An immortal woman trying to make it through this world without too much hassle and find her next meal, as she finds a way to make things work, her activities attract the attention of people on both sides of the law.
John Landis’ werewolf thriller is a hard film to pigeon hole. It’s not exactly a horror movie, not exactly a comedy, and not entirely a drama. It is in fact a unique beast and amalgam of various genres that’s managed to remain absolutely timeless since its initial release. The fact that Landis breaks so many of the tropes of the werewolf film while also embracing the classic mythos of the monster is what makes “An American Werewolf in London” such a masterpiece.
“Eegah!” is one of those special kinds of god awful genre films that was engineered specifically to make a rock star in to a bonafide movie star. It didn’t work too well for Arch Hall Jr. whose entire presence in Arch Hall Sr.’s sci-fi thriller revolves around singing, and mugging for the camera. His dad tries to work around Junior’s inherent lack of acting ability and it just—doesn’t work. At all. You can see the cracks come through as the film progresses, and even at ninety minutes, it’s a test of endurance.
If anything, Deon Taylor’s crime thriller is a perfectly fine if somewhat overlong and derivative thriller that skates by mainly because of its charismatic cast including Mike Colter, Tyrese Gibson and Frank Grillo, respectively. It’s a shame because in a world where we’re discussing body cams, police corruption, and inner city crime, “Black and Blue” has the golden opportunity to tackle the issue head on. Instead it hits it briefly and doesn’t do much with the topic, instead building a thriller that feels oddly derivative of Antoine Fuqua’s “Training Day.”
So far we’re about ten alternate time lines deep in to the “Terminator” series, a movie franchise that continues to chug on thanks to the good word from James Cameron. Methinks without Cameron, “Terminator” would and should be put to sleep as a limp IP that loses more and more fans every single year. The convoluted timeline doesn’t even want to try to explain its own concept and logic (and lack thereof) anymore. It’s now basically rebooted itself (once again), and takes off limping to the finish line. From a confusing (bold?) retcon, to an over arching theme with heavy social commentary, “Terminator: Dark Fate” incidentally makes an argument against its existence.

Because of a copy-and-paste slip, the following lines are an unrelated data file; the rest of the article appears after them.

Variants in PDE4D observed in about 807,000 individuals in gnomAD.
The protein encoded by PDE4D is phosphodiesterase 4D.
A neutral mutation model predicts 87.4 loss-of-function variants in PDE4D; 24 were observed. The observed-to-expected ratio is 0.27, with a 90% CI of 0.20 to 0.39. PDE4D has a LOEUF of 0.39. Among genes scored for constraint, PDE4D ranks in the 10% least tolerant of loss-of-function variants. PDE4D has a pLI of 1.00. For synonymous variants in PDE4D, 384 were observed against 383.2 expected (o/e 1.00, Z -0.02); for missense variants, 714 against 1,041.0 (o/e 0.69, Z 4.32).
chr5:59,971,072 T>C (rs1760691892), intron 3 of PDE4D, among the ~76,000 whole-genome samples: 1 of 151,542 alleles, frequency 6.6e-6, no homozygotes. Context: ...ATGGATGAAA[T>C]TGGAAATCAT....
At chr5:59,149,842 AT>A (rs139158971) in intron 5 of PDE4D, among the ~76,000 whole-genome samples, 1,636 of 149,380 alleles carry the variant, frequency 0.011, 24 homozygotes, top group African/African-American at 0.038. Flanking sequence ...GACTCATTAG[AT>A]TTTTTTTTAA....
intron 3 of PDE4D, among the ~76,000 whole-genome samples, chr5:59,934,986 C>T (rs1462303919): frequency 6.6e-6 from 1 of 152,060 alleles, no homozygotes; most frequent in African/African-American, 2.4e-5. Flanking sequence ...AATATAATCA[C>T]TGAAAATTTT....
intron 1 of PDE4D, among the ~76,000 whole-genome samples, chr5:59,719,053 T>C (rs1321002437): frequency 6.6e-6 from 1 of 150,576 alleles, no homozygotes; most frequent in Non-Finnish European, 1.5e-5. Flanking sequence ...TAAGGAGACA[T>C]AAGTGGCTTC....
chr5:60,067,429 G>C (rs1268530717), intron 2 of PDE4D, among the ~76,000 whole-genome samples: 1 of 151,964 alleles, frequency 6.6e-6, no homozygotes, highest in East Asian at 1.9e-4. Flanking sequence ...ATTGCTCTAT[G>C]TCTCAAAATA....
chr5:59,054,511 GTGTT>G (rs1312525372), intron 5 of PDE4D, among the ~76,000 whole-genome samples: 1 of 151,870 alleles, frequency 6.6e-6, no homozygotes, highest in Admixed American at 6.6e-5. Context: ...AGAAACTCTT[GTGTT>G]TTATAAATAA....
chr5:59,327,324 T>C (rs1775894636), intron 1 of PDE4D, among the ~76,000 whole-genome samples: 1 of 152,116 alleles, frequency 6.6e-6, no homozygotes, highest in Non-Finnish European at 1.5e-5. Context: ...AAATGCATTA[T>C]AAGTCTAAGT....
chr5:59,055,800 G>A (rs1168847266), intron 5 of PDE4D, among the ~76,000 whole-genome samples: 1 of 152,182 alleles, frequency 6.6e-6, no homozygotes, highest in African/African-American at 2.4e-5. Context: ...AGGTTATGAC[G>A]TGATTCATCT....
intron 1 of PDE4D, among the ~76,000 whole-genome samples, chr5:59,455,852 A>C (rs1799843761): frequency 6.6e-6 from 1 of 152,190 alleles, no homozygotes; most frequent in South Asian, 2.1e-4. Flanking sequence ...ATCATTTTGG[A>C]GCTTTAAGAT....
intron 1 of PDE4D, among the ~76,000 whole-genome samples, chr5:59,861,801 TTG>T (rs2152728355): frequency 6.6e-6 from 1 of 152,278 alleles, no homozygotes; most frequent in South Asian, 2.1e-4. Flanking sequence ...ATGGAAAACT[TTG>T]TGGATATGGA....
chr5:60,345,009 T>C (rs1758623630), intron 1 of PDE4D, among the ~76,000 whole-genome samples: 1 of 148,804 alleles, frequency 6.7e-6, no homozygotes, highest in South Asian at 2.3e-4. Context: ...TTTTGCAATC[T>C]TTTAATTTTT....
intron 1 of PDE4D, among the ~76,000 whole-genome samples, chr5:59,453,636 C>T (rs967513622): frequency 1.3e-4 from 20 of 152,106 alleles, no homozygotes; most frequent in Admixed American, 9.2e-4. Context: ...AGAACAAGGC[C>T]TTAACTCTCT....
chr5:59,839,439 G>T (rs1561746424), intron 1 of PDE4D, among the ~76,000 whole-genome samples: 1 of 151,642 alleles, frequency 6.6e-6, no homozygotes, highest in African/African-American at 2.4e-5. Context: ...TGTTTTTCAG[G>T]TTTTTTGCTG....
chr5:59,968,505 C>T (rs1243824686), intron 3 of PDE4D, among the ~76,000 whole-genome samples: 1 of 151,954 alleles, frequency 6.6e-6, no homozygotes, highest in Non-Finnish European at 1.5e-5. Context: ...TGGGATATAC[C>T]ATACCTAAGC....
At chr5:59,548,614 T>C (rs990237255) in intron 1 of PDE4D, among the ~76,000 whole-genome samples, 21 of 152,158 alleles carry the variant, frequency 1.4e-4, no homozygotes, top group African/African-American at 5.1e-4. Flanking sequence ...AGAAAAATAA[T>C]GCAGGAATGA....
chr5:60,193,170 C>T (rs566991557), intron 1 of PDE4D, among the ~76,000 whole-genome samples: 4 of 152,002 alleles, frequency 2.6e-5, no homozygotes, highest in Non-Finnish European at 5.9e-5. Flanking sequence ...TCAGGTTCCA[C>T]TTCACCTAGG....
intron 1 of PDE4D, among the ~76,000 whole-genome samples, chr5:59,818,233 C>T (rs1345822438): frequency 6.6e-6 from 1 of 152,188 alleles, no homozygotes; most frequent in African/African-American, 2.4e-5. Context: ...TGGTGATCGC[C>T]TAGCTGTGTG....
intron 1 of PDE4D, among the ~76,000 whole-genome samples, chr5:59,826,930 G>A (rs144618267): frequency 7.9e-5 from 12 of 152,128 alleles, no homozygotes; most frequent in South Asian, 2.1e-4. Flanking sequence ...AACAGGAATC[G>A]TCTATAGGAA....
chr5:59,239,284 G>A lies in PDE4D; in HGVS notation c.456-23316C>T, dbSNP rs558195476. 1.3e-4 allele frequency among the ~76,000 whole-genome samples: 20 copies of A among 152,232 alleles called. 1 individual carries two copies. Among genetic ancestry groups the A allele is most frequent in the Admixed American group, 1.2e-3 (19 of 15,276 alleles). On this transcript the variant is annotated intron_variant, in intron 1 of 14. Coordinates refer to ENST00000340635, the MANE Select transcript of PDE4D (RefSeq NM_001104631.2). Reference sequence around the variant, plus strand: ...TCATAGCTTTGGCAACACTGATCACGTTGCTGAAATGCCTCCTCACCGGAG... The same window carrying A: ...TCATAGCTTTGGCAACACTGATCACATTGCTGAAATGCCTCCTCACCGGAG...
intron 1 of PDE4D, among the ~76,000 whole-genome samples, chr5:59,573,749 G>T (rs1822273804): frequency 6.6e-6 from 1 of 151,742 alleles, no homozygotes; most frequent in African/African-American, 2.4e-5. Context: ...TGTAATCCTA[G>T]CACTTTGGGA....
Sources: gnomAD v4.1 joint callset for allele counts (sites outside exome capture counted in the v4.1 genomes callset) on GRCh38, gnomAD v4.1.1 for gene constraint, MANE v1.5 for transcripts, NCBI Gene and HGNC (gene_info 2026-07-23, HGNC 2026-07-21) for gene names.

Happy Halloween one and all! It’s the final hours of Halloween 2019 and it’s been quite the month. I felt I’d be remiss if I didn’t include another Shorts Round Up of the Week featuring some great horror shorts you can dig your teeth in to before Day of the Dead on November 1st. Included is a tale of a spooky cookie jar, a series of loft crimes that goes bat shit insane, and a serial killer targeting vulnerable young girls.
As always if you’d like to submit a short film or two (of any genre), submissions are always open!
If I have to pick a favorite aspect of “Over the Garden Wall” is the ambiguity of it all. There’s not a ton of exposition or explanation as to whom or what the characters Greg and Wirt are. We just know that they’re brothers, they have polar opposite personalities, and they’re stuck in a timeless land filled with dangers and mysterious oddities that they can’t possibly fathom. Along the way, Greg and Wirt learn a lot about the idea of grief, and confronting their fears, and learning to appreciate one another as brothers. They also have their own personality quirks that could count as flaws, but only make you love them even more. By the time the series ends, you’ll be glad you met them and realize you know everything that you need to know about them. I encourage you to fall in love with it like I did.
There’s something kind of charming about Alex Merkin’s “House of the Witch.” It’s a straight up rip off of “Night of the Demons” while also feeling a lot like a fan film for “The Blair Witch Project.” It’s part are all from much better movies made before, but even at its most clunky, I didn’t have a bad time. “House of the Witch” is that kind of movie you could probably appreciate as a passing treat on a random night if you had absolutely nothing to do. I also found the final scene to be pretty damn clever, as it at least gives us a reason for the seemingly random series of events that unfold.